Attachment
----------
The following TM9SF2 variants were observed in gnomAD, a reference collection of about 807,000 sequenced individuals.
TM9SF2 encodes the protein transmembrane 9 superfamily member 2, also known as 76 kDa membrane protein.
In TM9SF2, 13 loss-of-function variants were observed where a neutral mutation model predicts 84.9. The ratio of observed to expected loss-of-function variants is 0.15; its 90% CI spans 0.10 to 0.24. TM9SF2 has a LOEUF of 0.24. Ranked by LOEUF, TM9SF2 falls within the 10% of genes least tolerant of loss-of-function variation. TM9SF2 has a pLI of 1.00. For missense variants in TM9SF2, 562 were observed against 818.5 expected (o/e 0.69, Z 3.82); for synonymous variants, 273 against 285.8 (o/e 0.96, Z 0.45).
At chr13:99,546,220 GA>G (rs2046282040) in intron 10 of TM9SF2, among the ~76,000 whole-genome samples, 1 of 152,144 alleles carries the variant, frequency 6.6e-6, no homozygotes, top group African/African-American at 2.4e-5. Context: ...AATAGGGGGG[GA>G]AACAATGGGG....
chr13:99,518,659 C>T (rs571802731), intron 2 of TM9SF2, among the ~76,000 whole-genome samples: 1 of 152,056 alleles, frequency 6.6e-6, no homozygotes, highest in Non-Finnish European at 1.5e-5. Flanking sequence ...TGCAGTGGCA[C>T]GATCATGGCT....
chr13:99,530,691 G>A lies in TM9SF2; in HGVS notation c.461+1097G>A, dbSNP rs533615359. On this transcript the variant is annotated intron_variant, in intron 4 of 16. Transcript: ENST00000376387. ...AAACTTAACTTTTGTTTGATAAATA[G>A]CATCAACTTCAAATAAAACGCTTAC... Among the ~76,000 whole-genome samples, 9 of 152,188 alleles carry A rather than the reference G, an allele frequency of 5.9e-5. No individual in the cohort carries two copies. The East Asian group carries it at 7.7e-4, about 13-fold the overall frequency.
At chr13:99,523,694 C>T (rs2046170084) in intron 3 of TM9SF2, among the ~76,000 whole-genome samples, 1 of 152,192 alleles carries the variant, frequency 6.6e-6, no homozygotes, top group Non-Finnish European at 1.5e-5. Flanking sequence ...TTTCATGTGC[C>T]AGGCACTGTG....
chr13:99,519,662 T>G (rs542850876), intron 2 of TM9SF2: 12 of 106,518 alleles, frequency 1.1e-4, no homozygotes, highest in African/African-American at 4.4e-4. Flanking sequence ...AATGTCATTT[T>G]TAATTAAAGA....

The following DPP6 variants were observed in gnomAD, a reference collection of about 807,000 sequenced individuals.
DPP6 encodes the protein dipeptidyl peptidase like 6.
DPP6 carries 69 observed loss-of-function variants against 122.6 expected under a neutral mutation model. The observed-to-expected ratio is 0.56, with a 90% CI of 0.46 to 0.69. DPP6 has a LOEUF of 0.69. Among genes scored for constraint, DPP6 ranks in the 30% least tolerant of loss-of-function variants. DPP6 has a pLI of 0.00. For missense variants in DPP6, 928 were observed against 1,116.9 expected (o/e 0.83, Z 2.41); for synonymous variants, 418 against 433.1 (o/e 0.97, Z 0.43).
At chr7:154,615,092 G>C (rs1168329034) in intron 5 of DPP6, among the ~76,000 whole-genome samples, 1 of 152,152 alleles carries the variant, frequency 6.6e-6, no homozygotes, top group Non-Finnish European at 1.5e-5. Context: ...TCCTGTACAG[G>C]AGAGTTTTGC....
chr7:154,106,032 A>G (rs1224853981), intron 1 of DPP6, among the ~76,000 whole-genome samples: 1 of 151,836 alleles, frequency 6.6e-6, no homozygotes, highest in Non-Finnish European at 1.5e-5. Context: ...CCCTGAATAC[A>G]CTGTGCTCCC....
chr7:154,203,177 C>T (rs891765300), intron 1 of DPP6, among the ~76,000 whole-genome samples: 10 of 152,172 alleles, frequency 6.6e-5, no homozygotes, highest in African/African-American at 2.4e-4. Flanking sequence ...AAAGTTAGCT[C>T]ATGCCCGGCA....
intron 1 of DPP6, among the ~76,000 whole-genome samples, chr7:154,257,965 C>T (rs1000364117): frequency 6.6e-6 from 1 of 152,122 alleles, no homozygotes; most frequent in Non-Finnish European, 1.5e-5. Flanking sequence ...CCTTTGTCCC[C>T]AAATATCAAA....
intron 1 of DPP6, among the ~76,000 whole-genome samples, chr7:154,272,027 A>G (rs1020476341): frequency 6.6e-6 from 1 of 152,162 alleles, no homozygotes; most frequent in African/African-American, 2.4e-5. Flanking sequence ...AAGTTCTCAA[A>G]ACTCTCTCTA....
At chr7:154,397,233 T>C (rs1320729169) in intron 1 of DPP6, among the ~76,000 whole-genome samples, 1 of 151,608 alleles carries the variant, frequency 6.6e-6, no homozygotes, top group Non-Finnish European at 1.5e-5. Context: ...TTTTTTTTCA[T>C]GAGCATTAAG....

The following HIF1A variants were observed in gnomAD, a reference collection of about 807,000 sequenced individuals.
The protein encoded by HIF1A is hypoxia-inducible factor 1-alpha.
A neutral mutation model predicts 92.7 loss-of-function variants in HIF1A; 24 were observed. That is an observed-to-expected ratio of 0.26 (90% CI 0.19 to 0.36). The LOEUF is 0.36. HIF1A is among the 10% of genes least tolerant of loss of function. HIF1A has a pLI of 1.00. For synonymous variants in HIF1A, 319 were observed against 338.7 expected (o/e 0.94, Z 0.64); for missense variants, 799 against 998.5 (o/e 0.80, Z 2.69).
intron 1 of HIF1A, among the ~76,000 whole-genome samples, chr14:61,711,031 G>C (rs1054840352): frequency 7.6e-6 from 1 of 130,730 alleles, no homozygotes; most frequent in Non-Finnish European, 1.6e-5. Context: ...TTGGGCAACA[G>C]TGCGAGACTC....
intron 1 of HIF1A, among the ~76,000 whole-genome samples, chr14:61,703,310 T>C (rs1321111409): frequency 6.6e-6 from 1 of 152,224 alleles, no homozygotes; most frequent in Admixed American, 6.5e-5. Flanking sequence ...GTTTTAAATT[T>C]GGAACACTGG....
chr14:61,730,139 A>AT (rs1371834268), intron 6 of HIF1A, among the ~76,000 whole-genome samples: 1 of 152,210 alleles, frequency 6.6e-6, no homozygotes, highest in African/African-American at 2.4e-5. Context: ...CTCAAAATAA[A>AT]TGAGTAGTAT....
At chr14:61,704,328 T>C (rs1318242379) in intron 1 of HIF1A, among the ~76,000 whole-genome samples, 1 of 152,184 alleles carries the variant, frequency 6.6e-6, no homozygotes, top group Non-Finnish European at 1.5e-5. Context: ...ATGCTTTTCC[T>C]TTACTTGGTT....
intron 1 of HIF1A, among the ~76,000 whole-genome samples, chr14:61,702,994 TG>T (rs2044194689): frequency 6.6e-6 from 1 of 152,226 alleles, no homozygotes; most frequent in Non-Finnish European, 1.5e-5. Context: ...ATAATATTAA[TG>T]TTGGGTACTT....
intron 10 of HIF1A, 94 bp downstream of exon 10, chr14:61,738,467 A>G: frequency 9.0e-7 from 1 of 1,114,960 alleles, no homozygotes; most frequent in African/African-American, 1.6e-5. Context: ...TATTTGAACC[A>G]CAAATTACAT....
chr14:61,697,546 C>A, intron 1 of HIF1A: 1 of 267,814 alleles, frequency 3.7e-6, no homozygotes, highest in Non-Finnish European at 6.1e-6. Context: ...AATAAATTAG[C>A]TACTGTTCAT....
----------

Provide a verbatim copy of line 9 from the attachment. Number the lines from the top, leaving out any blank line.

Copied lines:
The following DPP6 variants were observed in gnomAD, a reference collection of about 807,000 sequenced individuals.